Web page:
Even though more Americans than before have access to health insurance because of the Affordable Care Act, getting mental health services can still be challenging.

A report released in November concludes that despite a 2008 mental health parity law, some state exchange health plans may have a way to go to even the playing field between mental and physical benefits. The report, released by the advocacy group Mental Health America, was paid for by Takeda Pharmaceuticals U.S.A. and Lundbeck U.S.A., a pharmaceutical company that specializes in neurology and psychiatric treatments.

The report listed the states with the lowest prevalence of mental illness and the highest rates of access to care as Massachusetts, Vermont, Maine, North Dakota and Delaware. Those with the highest prevalence of mental illness and most limited access are Arizona, Mississippi, Nevada, Washington and Louisiana.

Among its other findings:

● 42.5 million adults in America, 18.19 percent, suffer from a mental health issue.

● 19.7 million, or 8.46 percent, have a substance abuse problem.

● 8.8 million, or 3.77 percent of Americans, have reported serious thoughts of suicide.

● The highest rates of emotional, behavioral or developmental issues among young people occur just west of the Appalachian Mountains, where poverty and social inequality are pervasive.

The group found that, while information provided through plans’ “explanation of benefits” might show that there aren’t limits on mental health coverage, limitations including treatment caps and other barriers may exist.

“Parity is in its infancy. Most plans know the numerical requirements around cost-sharing, but few have taken seriously the requirements around equity, around access through networks and barriers to care through prior authorization,” said Mike Thompson, health-care practice leader at Pricewaterhouse­Coopers. “And, in practice, we have a history of imposing much more stringent medical-necessity standards on mental health care than other health care.”

The report doesn’t reflect the fact that many health plans have rolling renewals, meaning they had until Jan. 1 to fully comply with the parity law. America’s Health Insurance Plans, a trade group, said insurers are following the law.

“Our members are committed to mental health parity, and we’re supportive of legislation, and what isn’t apparent is that benchmark plans represented a snapshot in time . . . so that doesn’t give us the full picture,” said Susan Pisano, AHIP’s vice president of communications. “Our plans have really been working to get in compliance.”

Chuck Ingoglia, senior vice president of public policy at the National Council for Behavioral Health, a Washington-based trade group for community mental health and substance-use-treatment organizations, said the report’s findings aren’t surprising, though they are troubling. Implementation of the parity law remains a work in progress, he said.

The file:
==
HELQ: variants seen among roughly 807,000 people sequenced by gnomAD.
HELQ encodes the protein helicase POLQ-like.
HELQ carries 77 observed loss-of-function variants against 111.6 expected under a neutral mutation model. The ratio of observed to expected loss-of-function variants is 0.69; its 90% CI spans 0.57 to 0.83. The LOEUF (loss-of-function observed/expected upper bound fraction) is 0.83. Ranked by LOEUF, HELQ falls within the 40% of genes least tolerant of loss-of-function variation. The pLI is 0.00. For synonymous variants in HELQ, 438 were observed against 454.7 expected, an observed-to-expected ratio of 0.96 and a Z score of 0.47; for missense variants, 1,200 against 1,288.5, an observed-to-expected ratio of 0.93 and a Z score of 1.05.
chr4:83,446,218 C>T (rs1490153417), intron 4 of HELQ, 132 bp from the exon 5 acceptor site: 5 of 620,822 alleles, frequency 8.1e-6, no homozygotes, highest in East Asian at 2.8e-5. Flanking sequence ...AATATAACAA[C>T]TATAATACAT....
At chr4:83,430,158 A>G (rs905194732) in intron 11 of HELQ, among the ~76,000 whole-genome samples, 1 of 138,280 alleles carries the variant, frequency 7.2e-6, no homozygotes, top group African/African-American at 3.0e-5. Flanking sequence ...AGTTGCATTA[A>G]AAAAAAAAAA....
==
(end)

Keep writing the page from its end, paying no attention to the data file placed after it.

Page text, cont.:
“The law is based on a sound policy premise — that addiction and mental health treatment decisions and management should be comparable to physical health conditions,” he said. “But this also creates a tremendous barrier to proving violations, as it requires a consumer to obtain access to plan documents for both types of care, which is frequently handled by different plans,” Ingoglia said.

In addition, the report found that some plans weren’t clear about which services were covered. That means consumers would find out a treatment wouldn’t be paid for by their insurer only after they’d received care.

Americans with mental disorders have the lowest rates of health insurance coverage, so obtaining insurance is a good first step, according to Al Guida, a Washington-based lobbyist who works on mental health issues with Guide Consulting Services. But the only way a denial can be reversed is through an appeal, which can be a long and arduous process.

“The vast majority of insurance plans offered on Affordable Care Act federal and state exchanges have close to no transparency, which could lead to abrupt changes in both mental health providers and psychotropic drug regimens, with the potential for serious clinical consequences,” Guida said.

Meanwhile, there is a shortage of professionals offering mental health care — nationally there is only one provider for every 790 people, according to the report.

All of these factors can cause minor mental illnesses to grow more severe, according to Mental Health America’s chief executive, Paul Gionfriddo.

He suggested that mental illness should be screened for and covered in the same way that cancer, kidney disease and other illnesses are.

“Right now we’re trapped in a stage where we wait for a crisis, when they’re in advanced stages, and then we treat it, and we wonder why it’s so hard to treat it more cheaply,” Gionfriddo said.

This article was produced by Kaiser Health News, an editorially independent news service that is a program of the Kaiser Family Foundation.